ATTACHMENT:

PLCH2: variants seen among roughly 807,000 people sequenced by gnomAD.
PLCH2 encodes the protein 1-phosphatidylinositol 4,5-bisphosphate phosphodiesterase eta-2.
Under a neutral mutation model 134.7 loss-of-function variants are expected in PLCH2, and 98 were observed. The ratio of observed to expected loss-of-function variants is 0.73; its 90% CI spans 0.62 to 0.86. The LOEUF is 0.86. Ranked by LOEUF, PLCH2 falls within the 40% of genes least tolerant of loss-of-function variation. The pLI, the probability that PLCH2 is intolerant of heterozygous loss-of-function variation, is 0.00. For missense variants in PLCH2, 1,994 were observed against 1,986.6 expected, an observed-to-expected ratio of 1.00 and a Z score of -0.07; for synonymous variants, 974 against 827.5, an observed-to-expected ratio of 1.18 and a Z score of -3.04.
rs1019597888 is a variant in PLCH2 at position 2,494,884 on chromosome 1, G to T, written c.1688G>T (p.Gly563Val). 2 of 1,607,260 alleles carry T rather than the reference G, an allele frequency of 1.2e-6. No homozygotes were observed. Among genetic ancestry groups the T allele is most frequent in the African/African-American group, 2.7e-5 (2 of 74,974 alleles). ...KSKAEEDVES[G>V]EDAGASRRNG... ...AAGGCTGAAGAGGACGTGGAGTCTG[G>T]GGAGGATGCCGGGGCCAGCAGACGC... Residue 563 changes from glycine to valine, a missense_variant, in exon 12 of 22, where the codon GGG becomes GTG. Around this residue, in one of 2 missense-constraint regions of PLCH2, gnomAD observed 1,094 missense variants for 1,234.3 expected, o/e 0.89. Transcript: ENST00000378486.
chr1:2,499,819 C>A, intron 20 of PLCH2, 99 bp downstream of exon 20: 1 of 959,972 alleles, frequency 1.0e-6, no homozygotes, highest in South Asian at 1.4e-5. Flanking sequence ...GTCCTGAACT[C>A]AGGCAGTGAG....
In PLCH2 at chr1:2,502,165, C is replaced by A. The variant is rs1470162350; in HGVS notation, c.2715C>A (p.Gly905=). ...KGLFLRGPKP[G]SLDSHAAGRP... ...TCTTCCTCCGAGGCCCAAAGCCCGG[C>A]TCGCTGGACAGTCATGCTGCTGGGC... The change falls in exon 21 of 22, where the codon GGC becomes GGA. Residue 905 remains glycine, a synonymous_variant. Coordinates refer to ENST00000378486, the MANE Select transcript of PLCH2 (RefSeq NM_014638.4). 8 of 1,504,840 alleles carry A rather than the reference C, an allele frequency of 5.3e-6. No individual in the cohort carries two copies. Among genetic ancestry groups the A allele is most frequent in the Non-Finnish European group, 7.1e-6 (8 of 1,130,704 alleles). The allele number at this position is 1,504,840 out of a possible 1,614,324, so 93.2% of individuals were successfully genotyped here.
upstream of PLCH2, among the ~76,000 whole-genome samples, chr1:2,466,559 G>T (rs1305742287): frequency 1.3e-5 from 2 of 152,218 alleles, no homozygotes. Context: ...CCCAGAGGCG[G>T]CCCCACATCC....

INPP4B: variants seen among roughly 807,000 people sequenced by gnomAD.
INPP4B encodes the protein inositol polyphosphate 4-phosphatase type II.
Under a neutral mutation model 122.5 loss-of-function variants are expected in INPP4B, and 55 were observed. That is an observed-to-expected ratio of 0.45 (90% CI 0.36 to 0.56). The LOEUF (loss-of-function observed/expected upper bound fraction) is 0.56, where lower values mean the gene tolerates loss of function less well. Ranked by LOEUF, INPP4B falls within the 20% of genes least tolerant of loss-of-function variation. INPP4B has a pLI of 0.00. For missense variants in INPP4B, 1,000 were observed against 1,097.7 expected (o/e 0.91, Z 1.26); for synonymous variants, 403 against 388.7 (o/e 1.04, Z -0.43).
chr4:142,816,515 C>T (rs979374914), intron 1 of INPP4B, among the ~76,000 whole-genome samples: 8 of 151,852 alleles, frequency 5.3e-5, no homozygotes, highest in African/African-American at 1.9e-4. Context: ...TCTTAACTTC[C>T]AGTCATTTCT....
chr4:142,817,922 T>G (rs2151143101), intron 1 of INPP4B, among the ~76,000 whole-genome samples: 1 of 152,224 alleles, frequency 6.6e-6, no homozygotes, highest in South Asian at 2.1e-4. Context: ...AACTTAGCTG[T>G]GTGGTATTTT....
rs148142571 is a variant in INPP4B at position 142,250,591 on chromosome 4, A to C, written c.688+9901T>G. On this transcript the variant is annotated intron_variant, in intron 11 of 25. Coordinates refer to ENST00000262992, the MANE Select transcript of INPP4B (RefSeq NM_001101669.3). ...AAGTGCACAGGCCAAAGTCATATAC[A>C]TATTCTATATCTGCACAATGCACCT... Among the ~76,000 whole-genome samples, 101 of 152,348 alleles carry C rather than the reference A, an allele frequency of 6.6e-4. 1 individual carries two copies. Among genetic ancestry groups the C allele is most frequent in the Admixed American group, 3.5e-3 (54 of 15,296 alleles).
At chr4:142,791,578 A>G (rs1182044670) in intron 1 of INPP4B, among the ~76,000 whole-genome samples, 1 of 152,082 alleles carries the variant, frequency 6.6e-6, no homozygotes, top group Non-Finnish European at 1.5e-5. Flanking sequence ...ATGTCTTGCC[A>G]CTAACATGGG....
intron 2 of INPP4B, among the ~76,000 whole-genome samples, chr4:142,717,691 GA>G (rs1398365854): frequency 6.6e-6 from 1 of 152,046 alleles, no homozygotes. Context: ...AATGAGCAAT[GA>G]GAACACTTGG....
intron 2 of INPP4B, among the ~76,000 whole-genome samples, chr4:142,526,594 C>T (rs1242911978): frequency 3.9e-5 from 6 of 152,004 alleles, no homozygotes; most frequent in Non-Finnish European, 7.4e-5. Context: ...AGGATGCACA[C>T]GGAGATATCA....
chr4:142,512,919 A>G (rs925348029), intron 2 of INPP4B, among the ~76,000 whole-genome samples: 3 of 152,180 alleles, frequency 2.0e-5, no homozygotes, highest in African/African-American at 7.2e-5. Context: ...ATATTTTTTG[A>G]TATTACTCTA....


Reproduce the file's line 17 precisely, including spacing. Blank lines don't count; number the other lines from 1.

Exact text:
chr4:142,512,919 A>G (rs925348029), intron 2 of INPP4B, among the ~76,000 whole-genome samples: 3 of 152,180 alleles, frequency 2.0e-5, no homozygotes, highest in African/African-American at 7.2e-5. Context: ...ATATTTTTTG[A>G]TATTACTCTA....